activist, was born in Philadelphia, Pennsylvania, to Cyrus Bustill and Elizabeth Morey. Her mother was of mixed race, part English and part Native American (Delaware). Her father, already fifty years old at the time of her birth, was a baker who had purchased his own freedom and had built a thriving business that included supplying American troops in the Revolution, winning him the endorsement of George Washington. A Quaker in practice (though not a formal member), he was also active in both aiding his fellow free blacks in Philadelphia—he was an early member of the Free African Society—and fighting against slavery. When Bustill retired in 1803 to set up a school for black children in his home, Grace took over his shop at 56 Arch Street and opened a millinery business. Three years later she married Robert Douglass a free African American from Saint Kitts who ...
Martha L. Wharton
abolitionist, writer, lecturer, women's rights activist, and social critic, was born Nancy Gardner in Newburyport, Massachusetts, the daughter of an African American and Indian mother and an African American father, Thomas Gardner, who was born in Nantucket, Massachusetts, and died within three months of Nancy's birth. What is known about her is drawn primarily from her 1850 memoir, A Narrative of the Life and Travels of Mrs. Nancy Prince. While Prince does not name her mother in her narrative, she provides descriptions of both parents that highlight their African descent, and she recounts her grandfather's violent removal to America, along with his memories of a proud life in Africa. She briefly notes the capture of her Indian grandmother by local English colonials. Her narrative speaks clearly to issues of race, gender, slavery, and morality in the United States and the Caribbean.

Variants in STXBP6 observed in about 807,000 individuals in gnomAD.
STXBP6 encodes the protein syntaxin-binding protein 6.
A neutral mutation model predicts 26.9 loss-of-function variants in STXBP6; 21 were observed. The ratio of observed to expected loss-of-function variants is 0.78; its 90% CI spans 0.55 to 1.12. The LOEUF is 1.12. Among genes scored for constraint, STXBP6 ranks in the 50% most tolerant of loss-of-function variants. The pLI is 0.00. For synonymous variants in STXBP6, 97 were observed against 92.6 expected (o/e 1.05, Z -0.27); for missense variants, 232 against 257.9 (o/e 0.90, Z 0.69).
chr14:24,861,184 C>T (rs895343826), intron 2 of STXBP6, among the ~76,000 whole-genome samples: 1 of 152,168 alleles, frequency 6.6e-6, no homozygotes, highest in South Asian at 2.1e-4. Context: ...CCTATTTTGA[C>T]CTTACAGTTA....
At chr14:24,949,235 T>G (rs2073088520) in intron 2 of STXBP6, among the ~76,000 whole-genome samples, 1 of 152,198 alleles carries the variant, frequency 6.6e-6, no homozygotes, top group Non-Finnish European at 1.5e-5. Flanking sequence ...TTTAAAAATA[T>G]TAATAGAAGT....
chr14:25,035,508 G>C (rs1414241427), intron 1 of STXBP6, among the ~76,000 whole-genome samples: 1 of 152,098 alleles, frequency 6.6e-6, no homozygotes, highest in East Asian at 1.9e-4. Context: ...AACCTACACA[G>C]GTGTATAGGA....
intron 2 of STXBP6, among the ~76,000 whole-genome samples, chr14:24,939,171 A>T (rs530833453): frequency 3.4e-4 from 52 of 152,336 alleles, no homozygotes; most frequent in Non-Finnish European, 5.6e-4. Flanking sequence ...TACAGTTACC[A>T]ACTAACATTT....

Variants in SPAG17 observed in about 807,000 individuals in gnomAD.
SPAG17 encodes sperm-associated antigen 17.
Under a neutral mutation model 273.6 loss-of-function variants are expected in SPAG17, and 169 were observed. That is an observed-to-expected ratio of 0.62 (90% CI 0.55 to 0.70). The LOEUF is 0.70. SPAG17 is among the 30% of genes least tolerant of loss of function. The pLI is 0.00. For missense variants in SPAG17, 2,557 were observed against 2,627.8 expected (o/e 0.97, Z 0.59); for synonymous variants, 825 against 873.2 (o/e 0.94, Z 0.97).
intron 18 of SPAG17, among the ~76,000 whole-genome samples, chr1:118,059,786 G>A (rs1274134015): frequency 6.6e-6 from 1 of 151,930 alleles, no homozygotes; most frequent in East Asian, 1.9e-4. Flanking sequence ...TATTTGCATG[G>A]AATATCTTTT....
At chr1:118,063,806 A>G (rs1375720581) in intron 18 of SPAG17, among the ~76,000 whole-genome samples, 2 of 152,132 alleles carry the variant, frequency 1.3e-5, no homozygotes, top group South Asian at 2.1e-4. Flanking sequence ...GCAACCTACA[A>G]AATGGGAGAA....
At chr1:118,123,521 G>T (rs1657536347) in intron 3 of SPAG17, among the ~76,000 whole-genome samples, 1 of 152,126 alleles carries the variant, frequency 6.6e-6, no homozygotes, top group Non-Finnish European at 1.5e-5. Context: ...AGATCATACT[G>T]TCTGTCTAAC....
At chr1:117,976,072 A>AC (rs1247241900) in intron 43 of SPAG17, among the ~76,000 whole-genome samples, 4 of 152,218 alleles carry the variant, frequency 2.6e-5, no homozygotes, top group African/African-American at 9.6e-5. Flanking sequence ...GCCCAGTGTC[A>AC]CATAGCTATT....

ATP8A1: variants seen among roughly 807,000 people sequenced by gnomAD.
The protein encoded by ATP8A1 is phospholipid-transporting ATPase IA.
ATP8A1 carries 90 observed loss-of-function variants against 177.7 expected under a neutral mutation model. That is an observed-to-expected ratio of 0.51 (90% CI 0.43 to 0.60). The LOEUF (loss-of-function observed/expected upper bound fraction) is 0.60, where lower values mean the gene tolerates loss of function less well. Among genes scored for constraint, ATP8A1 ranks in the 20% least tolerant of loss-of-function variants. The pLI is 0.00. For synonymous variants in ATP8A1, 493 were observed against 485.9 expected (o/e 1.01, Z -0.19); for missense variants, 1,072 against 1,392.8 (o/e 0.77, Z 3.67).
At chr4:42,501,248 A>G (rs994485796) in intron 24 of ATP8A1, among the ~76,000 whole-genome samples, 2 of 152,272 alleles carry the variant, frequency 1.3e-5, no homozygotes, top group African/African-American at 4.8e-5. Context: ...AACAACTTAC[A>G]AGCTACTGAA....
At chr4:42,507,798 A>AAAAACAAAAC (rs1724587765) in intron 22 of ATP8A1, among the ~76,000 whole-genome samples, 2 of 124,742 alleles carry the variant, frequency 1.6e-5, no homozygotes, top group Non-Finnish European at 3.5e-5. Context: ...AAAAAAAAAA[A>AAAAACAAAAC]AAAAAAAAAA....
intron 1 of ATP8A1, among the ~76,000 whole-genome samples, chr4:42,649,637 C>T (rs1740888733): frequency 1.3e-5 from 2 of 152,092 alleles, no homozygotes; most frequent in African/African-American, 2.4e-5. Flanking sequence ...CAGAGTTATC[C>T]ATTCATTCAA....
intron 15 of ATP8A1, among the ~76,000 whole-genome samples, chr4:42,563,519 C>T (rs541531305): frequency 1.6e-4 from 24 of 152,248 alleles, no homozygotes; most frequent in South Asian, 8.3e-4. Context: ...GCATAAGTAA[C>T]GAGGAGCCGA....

Prince s childhood ...
founder, treasurer, vice president, and president of the Women's Parent Mite Missionary Society of the African Methodist Episcopal (AME) Church, sometimes known affectionately by her family as Sadie, was born Sarah E. Miller in Winchester, Virginia, where her parents were by state law considered the property of persons whose names are lost to history. Her life paralleled that of her husband, AME bishop Benjamin Tucker Tanner, but reflected her own distinct service to church and community.
In 1843 her family escaped via the Underground Railroad, settling in Pittsburgh, Pennsylvania, where she attended day school and Allegheny Institute, established by Reverend Charles Avery in 1849 as a school for young Americans of African descent (see Brown, 1988, and Verdino-Sullwold, 1991). Benjamin T. Tanner the freeborn son of a Pittsburgh river boatman also attended Avery working as a barber to pay his way before ...
Nell Irvin Painter
abolitionist and women's rights advocate, was born in Hurley, Ulster County, New York, the daughter of James and Elizabeth Baumfree, who were slaves. Named Isabella by her parents, she took the name Sojourner Truth in 1843. As a child, Isabella belonged to a series of owners, the most memorable of whom were the John Dumont family of Esopus, Ulster County, to whom she belonged for approximately seventeen years and with whom she remained close until their migration to the West in 1849. About 1815 she married another of Dumont's slaves, Thomas, who was much older than she; they had five children. Isabella left Thomas in Ulster County after their emancipation under New York State law in 1827, but she did not marry again.
In the year before her emancipation Isabella left her master Dumont of her own accord and went to work for the ...